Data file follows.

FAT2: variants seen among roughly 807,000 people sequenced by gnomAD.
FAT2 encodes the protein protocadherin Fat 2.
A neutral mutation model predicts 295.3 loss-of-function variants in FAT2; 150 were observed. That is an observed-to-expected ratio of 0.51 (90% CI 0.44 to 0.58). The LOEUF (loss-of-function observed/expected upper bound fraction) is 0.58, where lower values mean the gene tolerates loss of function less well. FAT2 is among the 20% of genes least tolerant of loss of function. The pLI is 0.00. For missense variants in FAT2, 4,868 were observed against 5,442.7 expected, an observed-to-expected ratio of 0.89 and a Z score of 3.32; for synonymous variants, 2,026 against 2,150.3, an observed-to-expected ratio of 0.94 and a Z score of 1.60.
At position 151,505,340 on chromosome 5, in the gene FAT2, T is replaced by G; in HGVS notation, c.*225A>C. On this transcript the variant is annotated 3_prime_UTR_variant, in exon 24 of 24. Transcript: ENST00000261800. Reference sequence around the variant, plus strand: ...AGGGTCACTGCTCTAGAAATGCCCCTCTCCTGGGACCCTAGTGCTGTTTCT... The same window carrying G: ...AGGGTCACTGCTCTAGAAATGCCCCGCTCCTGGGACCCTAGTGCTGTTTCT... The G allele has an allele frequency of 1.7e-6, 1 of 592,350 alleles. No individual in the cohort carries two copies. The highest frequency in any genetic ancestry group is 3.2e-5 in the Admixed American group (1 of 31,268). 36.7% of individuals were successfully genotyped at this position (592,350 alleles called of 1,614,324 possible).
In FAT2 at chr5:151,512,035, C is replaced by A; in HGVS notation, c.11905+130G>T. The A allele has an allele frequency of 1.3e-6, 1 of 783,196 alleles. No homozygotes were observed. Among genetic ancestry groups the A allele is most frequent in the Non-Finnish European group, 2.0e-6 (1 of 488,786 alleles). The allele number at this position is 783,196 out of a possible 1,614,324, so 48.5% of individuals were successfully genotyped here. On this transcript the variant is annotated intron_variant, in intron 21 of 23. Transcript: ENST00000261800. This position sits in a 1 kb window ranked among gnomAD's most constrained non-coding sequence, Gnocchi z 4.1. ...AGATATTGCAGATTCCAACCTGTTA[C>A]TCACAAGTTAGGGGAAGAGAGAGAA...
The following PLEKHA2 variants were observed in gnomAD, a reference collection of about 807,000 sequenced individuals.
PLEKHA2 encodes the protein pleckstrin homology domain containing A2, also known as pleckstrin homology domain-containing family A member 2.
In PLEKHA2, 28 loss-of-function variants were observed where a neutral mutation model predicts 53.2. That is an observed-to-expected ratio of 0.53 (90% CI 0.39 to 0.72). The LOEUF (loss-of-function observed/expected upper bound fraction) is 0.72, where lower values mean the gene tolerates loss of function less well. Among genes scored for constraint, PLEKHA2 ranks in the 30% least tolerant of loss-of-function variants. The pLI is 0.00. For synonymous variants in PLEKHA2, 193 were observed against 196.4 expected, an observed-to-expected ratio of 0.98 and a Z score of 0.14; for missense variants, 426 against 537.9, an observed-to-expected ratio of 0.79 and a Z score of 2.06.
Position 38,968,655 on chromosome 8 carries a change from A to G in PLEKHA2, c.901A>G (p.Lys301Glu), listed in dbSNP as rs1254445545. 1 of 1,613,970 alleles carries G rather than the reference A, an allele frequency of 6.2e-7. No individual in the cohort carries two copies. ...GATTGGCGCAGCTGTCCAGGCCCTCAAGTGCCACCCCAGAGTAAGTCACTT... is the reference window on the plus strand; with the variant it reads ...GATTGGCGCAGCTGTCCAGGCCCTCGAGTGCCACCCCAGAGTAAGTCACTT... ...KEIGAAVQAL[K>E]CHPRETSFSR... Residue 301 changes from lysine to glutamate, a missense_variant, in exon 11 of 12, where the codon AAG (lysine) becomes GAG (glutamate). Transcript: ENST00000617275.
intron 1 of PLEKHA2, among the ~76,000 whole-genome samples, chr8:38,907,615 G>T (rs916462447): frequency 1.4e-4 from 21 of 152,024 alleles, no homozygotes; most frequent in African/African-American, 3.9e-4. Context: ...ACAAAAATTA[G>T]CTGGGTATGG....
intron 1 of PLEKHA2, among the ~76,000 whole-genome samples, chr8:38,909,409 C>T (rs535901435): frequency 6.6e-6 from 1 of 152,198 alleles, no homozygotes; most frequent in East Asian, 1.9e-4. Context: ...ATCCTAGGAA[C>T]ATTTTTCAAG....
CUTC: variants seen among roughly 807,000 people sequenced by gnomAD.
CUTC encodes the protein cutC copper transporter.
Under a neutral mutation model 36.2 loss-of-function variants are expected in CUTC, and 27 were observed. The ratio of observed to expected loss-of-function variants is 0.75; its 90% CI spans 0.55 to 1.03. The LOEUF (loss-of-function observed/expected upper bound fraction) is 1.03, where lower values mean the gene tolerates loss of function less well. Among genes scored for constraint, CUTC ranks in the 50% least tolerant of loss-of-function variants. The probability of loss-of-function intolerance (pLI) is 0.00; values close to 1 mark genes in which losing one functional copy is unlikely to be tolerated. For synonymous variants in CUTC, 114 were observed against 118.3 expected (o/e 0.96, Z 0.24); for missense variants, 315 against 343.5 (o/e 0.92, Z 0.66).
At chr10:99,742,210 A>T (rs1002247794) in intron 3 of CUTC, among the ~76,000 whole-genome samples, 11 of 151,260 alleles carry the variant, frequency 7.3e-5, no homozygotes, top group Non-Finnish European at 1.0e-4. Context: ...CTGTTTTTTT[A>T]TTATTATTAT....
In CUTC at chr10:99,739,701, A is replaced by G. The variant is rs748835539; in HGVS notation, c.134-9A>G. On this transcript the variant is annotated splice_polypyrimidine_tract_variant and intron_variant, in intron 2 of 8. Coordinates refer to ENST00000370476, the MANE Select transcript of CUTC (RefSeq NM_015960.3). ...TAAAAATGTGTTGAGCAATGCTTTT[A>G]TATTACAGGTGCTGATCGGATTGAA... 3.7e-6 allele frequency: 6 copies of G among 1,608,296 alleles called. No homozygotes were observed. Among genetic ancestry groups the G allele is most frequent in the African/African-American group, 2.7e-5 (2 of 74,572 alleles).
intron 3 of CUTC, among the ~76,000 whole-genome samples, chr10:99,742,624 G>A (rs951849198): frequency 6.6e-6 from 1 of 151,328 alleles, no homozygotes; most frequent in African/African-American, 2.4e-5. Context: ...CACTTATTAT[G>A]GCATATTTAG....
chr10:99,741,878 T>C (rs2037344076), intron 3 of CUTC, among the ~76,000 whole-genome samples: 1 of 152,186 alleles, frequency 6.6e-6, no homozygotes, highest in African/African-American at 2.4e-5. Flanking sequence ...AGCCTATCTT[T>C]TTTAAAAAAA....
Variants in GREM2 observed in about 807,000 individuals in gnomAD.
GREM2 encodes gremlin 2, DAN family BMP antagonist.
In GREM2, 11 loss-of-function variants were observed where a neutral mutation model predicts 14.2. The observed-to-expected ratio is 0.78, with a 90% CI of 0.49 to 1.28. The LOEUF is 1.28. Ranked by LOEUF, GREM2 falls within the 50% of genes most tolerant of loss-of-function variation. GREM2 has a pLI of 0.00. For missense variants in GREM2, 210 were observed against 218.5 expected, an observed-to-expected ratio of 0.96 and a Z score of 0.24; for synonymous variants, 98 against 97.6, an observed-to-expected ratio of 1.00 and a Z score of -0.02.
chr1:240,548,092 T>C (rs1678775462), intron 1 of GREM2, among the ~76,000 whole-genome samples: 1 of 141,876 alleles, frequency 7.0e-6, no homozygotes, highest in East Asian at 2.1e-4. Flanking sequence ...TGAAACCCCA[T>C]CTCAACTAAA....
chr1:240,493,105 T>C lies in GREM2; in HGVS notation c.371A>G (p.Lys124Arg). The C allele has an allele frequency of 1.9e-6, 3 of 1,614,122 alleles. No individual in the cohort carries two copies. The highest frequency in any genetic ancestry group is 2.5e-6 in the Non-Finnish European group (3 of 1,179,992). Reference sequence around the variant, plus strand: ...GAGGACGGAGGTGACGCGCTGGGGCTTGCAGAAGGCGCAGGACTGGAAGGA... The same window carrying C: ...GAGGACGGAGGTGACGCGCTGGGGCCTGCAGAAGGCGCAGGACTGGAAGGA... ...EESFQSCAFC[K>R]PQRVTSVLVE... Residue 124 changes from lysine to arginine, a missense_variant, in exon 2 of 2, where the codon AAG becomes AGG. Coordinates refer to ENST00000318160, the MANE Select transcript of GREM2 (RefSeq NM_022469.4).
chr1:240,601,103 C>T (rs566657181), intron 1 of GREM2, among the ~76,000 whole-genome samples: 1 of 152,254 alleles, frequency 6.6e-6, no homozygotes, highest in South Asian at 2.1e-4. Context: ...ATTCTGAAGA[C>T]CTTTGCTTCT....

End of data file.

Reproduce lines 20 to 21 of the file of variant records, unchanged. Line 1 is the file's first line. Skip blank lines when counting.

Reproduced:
GREM2 encodes gremlin 2, DAN family BMP antagonist.
In GREM2, 11 loss-of-function variants were observed where a neutral mutation model predicts 14.2. The observed-to-expected ratio is 0.78, with a 90% CI of 0.49 to 1.28. The LOEUF is 1.28. Ranked by LOEUF, GREM2 falls within the 50% of genes most tolerant of loss-of-function variation. GREM2 has a pLI of 0.00. For missense variants in GREM2, 210 were observed against 218.5 expected, an observed-to-expected ratio of 0.96 and a Z score of 0.24; for synonymous variants, 98 against 97.6, an observed-to-expected ratio of 1.00 and a Z score of -0.02.